Master plan as a “lever” for Ha Noi’s craft village development

The city is developing a master plan for the development of its handicraft villages for the period 2024-2030, with a vision for 2050 to provide the driving force for their sustainable development. Local experts recommended that detailed discussions and specification of issues such as methods, policies and support resources are necessary for the successful delivery of the plan.

Inefficient models & environmental concerns

Many foreigners are interested in Hanoi’s handicrafts. Photo: Trong Tung/ The Hanoi Times

With nearly 1,350 handicraft villages, of which 322 have been designated as traditional handicraft villages, Ha Noi is home to the largest number of handicraft villages in the country, according to the Ministry of Agriculture and Rural Development.

The city’s artisan villages practice 47 of the 52 traditional trades found nationwide, contributing to Ha Noi’s overall economic development, creating jobs and livelihoods for local people, and promoting tourism.

Many craft villages also lack integrated resource protection and conservation measures and have inadequate business models, according to the agency.

Deputy Head of Thach That District’s Economic Division, Khuat Van Nham, said that while 50 of the district’s 59 villages practice traditional crafts, some of which are nationally renowned, such as Phung Xa metalwork, Huu Bang woodwork and sewing, Thach Xa che lam (sticky rice flour cakes), and Chang Son, Canh Nau and Di Nau woodwork, their production is generally small-scale and at the household level.

Many craft villages also lack integrated resource protection and conservation measures and have inadequate business models, according to the agency.

Meanwhile, according to Nguyen Cuong Hung, Deputy Head of Hoang Mai District’s Economic Division, although the traditional craft of tofu-making in Mai Dong Ward has a long history and its products are popular with consumers, the artisans face challenges as the ward becomes increasingly urbanized, with household producers operating in cramped residential areas, causing environmental pollution, he added.

Master plan as a “lever” for craft village development

Hand-woven bamboo products for export at Phu Tuc Craft Village. Photo: Tran Viet/ The Hanoi Times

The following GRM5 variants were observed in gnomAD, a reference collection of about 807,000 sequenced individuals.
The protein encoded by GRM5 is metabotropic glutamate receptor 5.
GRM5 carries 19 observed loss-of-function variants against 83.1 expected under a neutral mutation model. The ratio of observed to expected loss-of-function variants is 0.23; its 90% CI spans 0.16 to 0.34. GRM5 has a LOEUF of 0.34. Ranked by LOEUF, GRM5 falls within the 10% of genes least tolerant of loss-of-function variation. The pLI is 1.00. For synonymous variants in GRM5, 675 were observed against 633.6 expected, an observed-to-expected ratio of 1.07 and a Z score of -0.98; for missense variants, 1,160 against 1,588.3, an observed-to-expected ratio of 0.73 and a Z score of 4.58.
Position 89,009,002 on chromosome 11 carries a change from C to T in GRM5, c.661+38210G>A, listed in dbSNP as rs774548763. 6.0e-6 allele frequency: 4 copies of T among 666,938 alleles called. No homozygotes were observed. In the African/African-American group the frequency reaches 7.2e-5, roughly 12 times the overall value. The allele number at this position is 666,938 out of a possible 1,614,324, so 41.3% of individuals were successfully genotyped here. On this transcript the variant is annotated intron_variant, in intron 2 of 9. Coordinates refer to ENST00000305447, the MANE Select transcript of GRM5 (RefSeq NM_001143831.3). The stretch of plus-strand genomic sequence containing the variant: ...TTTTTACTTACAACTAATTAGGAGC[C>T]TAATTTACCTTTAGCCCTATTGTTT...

In recent years, the city has supported craft villages, but this has been fragmented and not part of a comprehensive long-term strategy. Therefore, it is crucial to develop a master plan for the development of artisan villages in Ha Noi for the period 2024-2030, with a vision for 2050.

The draft plan should outline the city’s key objectives, including preserving and promoting the value of craft villages and celebrating craftspeople; preserving and developing traditional trades and craft villages; developing new businesses; fostering leading craft villages in line with local strengths and potential; and enhancing support services and the role of relevant stakeholders.

The city has outlined strategies for the sustainable growth of craft villages, with a focus on building up the skills of regulators in the maintenance and development of craft villages, improving support mechanisms and policies, creating production-ready raw material zones, providing training and encouraging the use of science and technology in production.

To finalize the master plan, the Ha Noi Department of Agriculture and Rural Development organized a workshop to gather input from academics, departments, districts and towns.

According to Nguyen Cuong Hung, Deputy Head of Hoang Mai District Economic Division, the district is planning to relocate local tofu producers away from residential areas in order to reduce pollution and create space for expansion. However, this move is hampered by dike protection regulations. He hopes the comprehensive master plan will solve this challenge.

According to Khuat Van Nham, Deputy Head of  Thach That District Economic Division, as this is a major master plan covering craft villages across the city, it needs to take into account the unique characteristics of each craft group to provide appropriate support mechanisms.

As an illustration, he cited traditional handicrafts in Thach That, such as Chang Son fans and Thach Xa bamboo dragonflies, which are primarily handmade by skilled artisans and do not necessarily require the application of science and technology.

Pham Diem Hao, Deputy Head of the Planning and Tourism Resource Development Division of the Ha Noi Department of Tourism, believes that craft villages are valuable resources for tourism development.

“Therefore, it is important to promote their value, spread awareness and honor them so that people can take pride in and cherish these crafts and prevent their gradual disappearance,” she said.

Nguyen Dinh Hoa, Deputy Director of the Ha Noi Department of Agriculture and Rural Development, said the master plan is currently being finalized to be submitted to the Ha Noi People’s Committee for approval and implementation.

He emphasized that the master plan is seen as a “lever” that will allow artisan villages to grow and flourish in a sustainable way, while preserving their customs and cultural heritage, raising workers’ incomes and driving the socio-economic progress of Ha Noi.

Thanh Thanh

Source: Hanoi Times – – July 5, 2024

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